Overview

                     Neuropsychiatry and Psychology of Aging


- An Overview -

1. Introduction
2. Steering Committee
3. Central Themes
4. Structure of the Program

Introduction

Members of the FU Graduiertenkolleg on the “Neuropsychiatry and Psychology of Aging” study the diversity of old age and processes of aging. This Graduiertenkolleg, funded by the DFG (429/1 and 429/2), was established in 1998 and is now in a second phase of 3-year funding (October 2001-2004). After the retirement of Prof. Hanfried Helmchen in April 2001, the Graduiertenkolleg is now led by Prof. Isabella Heuser (Psychiatry) and Prof. Paul B. Baltes (Psychology). Four research groups are involved in the program: Free University of Berlin – Psychology, Psychiatry, and University Hospital Benjamin Franklin, ENT, together with Max Planck Institute for Human Development, Center for Lifespan Psychology. The Graduiertenkolleg is also associated with the Max-Delbrück-Center for Molecular Medicine (Berlin-Buch) and the Neurological Clinic of the Charité, Humboldt University Berlin. Together these groups seek to integrate medical, psychiatric, and psychological research on aging and very old age.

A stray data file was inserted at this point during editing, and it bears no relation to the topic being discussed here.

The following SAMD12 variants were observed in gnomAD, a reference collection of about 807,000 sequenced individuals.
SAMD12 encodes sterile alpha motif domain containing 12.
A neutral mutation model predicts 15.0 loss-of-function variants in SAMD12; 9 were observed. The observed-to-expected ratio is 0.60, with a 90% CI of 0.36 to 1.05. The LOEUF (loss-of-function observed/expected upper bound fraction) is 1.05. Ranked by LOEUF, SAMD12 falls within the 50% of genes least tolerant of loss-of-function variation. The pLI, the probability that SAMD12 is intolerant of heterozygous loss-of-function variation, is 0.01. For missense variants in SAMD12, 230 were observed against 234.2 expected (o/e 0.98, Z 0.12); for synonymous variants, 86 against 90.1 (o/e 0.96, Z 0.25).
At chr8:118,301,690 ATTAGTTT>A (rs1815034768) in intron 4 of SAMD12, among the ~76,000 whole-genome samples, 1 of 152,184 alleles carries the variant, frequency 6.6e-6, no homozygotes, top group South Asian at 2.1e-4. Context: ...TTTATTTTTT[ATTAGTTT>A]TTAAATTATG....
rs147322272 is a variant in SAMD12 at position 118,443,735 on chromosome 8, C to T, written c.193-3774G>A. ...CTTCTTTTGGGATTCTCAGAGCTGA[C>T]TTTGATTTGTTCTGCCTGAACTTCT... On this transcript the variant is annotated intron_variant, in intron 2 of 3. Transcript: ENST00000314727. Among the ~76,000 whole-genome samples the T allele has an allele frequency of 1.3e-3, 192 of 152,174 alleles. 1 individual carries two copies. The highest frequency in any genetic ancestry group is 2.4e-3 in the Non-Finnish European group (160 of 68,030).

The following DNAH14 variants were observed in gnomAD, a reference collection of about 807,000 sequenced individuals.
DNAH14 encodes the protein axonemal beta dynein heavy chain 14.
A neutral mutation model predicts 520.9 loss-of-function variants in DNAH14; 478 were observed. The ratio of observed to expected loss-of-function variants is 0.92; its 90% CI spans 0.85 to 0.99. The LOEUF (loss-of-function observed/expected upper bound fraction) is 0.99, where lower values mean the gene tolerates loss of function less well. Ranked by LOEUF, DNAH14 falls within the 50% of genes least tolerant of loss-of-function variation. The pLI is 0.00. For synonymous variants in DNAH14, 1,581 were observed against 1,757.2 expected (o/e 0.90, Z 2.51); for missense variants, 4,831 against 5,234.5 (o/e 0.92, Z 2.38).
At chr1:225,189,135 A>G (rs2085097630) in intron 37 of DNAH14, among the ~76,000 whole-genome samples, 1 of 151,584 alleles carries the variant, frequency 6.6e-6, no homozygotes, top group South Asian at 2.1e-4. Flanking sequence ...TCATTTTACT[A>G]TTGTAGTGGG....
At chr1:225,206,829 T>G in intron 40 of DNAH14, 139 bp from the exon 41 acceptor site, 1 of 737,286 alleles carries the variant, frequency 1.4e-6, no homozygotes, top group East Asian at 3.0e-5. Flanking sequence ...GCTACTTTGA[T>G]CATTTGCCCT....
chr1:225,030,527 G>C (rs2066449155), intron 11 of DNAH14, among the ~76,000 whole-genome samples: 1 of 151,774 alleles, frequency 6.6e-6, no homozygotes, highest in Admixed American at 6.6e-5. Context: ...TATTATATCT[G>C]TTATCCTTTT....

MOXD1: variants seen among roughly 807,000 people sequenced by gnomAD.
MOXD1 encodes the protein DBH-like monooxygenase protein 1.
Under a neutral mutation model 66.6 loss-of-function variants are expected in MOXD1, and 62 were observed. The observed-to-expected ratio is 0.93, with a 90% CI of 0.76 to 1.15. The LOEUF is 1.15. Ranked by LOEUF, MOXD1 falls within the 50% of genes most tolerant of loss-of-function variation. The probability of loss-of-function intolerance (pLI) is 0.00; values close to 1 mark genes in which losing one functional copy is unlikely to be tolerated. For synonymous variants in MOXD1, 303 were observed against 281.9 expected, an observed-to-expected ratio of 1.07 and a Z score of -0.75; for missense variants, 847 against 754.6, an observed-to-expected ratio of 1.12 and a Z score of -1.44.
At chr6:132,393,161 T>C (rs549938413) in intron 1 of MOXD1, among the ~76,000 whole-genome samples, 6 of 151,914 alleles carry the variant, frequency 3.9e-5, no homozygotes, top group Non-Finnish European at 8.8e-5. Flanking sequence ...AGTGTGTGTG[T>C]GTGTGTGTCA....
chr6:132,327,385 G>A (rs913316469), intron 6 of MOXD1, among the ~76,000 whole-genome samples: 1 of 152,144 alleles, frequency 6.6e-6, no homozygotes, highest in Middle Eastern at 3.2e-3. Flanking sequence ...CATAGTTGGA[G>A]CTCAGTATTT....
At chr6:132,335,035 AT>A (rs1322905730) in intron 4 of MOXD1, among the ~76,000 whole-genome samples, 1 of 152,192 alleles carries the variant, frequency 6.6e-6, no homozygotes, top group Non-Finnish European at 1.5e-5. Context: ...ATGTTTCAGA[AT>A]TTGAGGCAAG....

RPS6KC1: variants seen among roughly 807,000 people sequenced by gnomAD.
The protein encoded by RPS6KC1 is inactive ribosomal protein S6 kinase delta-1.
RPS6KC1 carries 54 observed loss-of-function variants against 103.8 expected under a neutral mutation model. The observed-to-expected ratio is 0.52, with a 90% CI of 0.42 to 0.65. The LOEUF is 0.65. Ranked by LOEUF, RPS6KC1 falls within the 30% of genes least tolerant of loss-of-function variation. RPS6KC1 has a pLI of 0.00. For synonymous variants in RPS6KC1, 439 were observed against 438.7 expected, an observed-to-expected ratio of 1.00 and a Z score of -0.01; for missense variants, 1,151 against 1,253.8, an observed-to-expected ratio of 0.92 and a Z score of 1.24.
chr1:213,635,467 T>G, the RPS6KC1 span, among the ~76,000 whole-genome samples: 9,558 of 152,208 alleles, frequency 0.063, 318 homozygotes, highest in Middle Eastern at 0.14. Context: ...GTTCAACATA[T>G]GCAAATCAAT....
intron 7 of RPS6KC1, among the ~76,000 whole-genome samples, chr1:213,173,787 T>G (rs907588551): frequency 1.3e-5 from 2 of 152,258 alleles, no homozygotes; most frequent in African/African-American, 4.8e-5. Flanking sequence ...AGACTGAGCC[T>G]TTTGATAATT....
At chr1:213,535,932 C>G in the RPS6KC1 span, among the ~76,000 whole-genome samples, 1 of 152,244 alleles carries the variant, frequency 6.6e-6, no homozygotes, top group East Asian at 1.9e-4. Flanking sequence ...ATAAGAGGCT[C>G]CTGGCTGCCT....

17 doctoral fellows belonged to the program in the period from 1998-2001. A new cohort of 8 began in October 2001 and a further cohort will commence in October 2002. Dissertation projects address questions about pathological, normal, and successful aging from multiple perspectives. Members of the Graduiertenkolleg have the opportunity to work on the extensive longitudinal data bank of the multidisciplinary Berlin Aging Study (www.base-berlin.mpg.de).  Projects planned in the Graduiertenkolleg during the next years will focus on topics of aging in the following areas:
 
-         Neuroimaging und Electrophysiology
-         Molecular mechanisms in neuro- and synaptogenesis
-         Sleep research
-         Health behavior and aging
-         Cognitive Aging
-         Life-management strategies in old age
-          Predictors of longevity and mortality